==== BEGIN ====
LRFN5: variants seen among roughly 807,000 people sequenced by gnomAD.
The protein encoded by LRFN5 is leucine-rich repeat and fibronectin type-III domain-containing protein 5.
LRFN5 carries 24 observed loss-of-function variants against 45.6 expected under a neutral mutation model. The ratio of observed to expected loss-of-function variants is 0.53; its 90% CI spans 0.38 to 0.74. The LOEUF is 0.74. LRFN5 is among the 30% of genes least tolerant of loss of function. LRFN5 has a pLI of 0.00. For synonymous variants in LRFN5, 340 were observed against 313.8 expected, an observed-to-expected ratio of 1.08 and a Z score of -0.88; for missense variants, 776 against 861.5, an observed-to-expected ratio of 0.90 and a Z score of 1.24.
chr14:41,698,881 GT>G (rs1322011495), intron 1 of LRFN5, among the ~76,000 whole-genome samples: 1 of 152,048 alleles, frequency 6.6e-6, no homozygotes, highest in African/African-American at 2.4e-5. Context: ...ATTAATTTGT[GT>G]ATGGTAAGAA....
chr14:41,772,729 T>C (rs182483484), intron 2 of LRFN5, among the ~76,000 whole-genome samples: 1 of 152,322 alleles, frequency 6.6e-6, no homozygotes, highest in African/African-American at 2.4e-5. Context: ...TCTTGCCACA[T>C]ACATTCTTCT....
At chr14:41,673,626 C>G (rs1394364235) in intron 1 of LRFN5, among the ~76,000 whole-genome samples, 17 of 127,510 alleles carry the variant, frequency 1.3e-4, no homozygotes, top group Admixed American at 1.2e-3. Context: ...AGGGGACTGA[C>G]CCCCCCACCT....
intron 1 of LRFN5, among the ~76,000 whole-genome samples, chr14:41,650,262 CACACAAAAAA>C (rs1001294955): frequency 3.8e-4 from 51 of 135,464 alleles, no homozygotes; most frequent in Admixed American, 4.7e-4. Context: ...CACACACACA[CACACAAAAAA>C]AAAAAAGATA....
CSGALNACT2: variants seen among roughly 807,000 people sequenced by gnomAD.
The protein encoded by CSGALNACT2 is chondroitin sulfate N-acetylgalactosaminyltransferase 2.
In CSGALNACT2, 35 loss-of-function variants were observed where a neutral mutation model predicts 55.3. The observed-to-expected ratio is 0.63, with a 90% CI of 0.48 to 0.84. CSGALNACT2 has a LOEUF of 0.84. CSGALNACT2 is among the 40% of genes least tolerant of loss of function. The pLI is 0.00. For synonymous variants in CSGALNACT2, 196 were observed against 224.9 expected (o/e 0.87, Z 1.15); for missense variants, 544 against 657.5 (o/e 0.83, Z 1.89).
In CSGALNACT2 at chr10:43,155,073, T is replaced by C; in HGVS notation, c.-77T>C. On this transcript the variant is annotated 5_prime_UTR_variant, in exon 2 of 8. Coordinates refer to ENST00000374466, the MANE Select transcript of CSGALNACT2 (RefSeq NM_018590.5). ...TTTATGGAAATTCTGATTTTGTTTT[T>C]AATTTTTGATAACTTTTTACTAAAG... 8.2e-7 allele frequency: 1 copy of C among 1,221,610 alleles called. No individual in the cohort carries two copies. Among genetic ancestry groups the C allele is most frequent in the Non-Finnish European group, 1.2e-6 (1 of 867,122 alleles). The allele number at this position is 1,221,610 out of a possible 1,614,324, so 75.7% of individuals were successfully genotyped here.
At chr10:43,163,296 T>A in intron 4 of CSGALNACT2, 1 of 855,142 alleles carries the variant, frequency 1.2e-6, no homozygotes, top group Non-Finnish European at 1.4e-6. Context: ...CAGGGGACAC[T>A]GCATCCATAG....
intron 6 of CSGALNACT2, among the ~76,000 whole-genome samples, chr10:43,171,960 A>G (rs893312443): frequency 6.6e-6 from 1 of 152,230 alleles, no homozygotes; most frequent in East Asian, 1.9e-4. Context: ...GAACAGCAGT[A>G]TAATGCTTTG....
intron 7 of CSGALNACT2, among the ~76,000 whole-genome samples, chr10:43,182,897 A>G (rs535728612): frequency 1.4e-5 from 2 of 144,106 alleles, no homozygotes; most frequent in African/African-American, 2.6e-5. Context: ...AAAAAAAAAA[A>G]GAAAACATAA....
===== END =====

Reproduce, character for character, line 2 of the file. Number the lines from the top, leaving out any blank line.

The protein encoded by LRFN5 is leucine-rich repeat and fibronectin type-III domain-containing protein 5.